Budget Update

Here are the highlights from a fairly content free budget. The main budget is moving to the Autumn from this year.

 

TAX FREE DIVIDEND ALLOWANCE TO BE REDUCED TO £2,000
The Chancellor also announced measures to limit the rise in tax-driven incorporation. The £5,000 tax free dividend allowance introduced by George Osborne will be reduced to just £2,000 from 6 April 2018. Mr Hammond claimed that many smaller owner-managed businesses have incorporated as limited companies mainly for tax reasons. Typically the director/shareholders of such businesses have paid themselves in dividends and paid less tax than similar unincorporated businesses.

Currently, once the dividend allowance has been used the remaining dividends are taxed at 7.5%, 32.5% and then 38.1% depending upon whether the dividends fall into the basic rate band, higher rate band or the additional rate. There are rumours that these dividend rates may also be increased in future years.

Although the cut in the tax-free dividend allowance is clearly aimed at owner managed companies, it will also impact on those with substantial share portfolios. Mr Hammond reminded us in his speech that the annual ISA investment limit increases to £20,000 from 6 April 2017 and that dividends on shares held within an ISA continue to be tax free.

START OF DIGITAL REPORTING DELAYED FOR SMALLER BUSINESSES

The Government is committed to the “Making Tax Digital” (MTD) project which is scheduled to start in April 2018 with the first quarterly updates being submitted by the self-employed and property landlords in July 2018.

Many business owners, professional advisors and the Treasury select committee had expressed concerns about the timescale for the introduction of MTD. The Chancellor announced that there will be a one year deferral in the start date to 2019 for self-employed businesses and property landlords with gross income below the VAT registration limit.

CORPORATE TAX MEASURES

The Chancellor announced that the Government is committed to continue to have the lowest corporate tax rate of the G20 major trading nations.  As already announced the corporation tax rate reduces to 19% from1 April 2017 and then to 17% from 1 April 2020.

The corporation tax rate for small and medium sized companies trading in Northern Ireland will be reduced so that such companies can compete with those in the Republic where the rate is 12.5%.

The Government is also keen to continue to encourage investment in research and development (R&D) and the Chancellor announced that the R&D tax credit claim procedure would be simplified.

TAX FREE CHILDCARE SCHEME STARTS 2017

The chancellor also announced that the new tax-free childcare scheme is due to start in 2017.

The scheme will provide up to £2,000 a year in childcare support for each child under 12 where the parents save in a special account. If they save £8,000 the government will top up the account with 20% to a total of £10,000 which can then be used to pay for childcare costs.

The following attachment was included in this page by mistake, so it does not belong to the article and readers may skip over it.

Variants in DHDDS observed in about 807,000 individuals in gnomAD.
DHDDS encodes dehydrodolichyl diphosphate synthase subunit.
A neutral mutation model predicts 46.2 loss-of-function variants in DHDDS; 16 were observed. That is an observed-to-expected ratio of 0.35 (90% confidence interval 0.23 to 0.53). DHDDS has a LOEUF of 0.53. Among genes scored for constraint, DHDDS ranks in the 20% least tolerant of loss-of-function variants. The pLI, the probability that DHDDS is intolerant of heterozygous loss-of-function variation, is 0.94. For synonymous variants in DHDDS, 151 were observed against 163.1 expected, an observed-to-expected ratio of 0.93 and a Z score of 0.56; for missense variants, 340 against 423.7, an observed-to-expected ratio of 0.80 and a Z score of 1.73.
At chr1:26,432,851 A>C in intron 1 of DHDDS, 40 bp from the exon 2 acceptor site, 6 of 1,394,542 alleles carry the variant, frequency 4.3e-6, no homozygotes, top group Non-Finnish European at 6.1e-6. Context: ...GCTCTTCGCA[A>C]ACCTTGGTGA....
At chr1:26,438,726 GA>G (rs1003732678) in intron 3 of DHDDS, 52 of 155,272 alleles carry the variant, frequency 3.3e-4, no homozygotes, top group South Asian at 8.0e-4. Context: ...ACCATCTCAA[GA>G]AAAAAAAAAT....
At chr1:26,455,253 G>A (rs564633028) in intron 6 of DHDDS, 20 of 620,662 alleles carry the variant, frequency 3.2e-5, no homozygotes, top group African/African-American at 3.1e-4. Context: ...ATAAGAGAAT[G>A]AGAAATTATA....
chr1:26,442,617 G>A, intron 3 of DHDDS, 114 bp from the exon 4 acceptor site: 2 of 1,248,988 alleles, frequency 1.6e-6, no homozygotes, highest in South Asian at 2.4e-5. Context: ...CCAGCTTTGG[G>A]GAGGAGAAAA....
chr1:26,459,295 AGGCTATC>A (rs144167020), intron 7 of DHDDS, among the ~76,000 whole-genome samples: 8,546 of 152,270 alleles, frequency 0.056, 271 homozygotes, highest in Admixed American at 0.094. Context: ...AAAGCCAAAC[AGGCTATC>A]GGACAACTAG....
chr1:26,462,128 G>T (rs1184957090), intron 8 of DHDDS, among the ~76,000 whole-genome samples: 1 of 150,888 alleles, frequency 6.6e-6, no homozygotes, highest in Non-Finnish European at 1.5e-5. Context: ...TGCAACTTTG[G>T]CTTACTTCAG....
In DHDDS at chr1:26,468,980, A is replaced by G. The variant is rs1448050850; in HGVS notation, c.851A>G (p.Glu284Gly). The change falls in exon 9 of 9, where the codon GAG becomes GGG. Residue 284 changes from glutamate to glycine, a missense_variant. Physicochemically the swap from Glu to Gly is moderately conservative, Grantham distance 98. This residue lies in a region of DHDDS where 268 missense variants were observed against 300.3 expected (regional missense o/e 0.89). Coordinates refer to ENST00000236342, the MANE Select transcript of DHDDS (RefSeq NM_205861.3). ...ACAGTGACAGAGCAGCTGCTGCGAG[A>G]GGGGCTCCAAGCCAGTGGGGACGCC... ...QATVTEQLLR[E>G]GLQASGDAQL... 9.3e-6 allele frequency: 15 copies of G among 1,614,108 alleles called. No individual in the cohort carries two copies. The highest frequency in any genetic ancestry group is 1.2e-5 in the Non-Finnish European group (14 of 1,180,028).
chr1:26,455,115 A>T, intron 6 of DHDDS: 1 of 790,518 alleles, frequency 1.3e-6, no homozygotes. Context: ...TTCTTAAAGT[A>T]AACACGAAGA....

VAT Flat Rate Scheme – Limited Cost Traders

As noted before in summary a change to the Flat Rate VAT scheme was announced in the Autumn Statement. This change comes in to effect on the 1st of April 2017.

This change is intended to target businesses on the Flat Rate Scheme who would only be reclaiming a minimal amount of VAT if they were calculating VAT as normal. Thes businesses will be classed as Limited Cost Traders. A new rate of 16.5% for the flat rate scheme will be introduced which potentially means that people will be better reverting to the standard VAT schemes.

HMRC has defined a Limited Cost Trader as:

A limited cost trader will be defined as one whose VAT inclusive expenditure on goods is either:

  • less than 2% of their VAT inclusive turnover in a prescribed accounting period
  • greater than 2% of their VAT inclusive turnover but less than £1000 per annum if the prescribed accounting period is one year (if it is not one year, the figure is the relevant proportion of £1000)

Goods, for the purposes of this measure, must be used exclusively for the purpose of the business but exclude the following items:

  • capital expenditure
  • food or drink for consumption by the flat rate business or its employees
  • vehicles, vehicle parts and fuel (except where the business is one that carries out transport services – for example a taxi business – and uses its own or a leased vehicle to carry out those services)

These exclusions are part of the test to prevent traders buying either low value everyday items or one off purchases in order to inflate their costs beyond 2%.

So as you can see this is definitely targeted at contractors and the like who are operating through Limited Companies with low costs.

If you are on the Flat Rate Scheme and would like some help transitioning please do not hesitate to contact us. We will be writing to HMRC on behalf of our clients who are affected and helping them transition if they need to.

HMRC reference is here: https://www.gov.uk/government/publications/tackling-aggressive-abuse-of-the-vat-flat-rate-scheme-technical-note/tackling-aggressive-abuse-of-the-vat-flat-rate-scheme-technical-note

 

 

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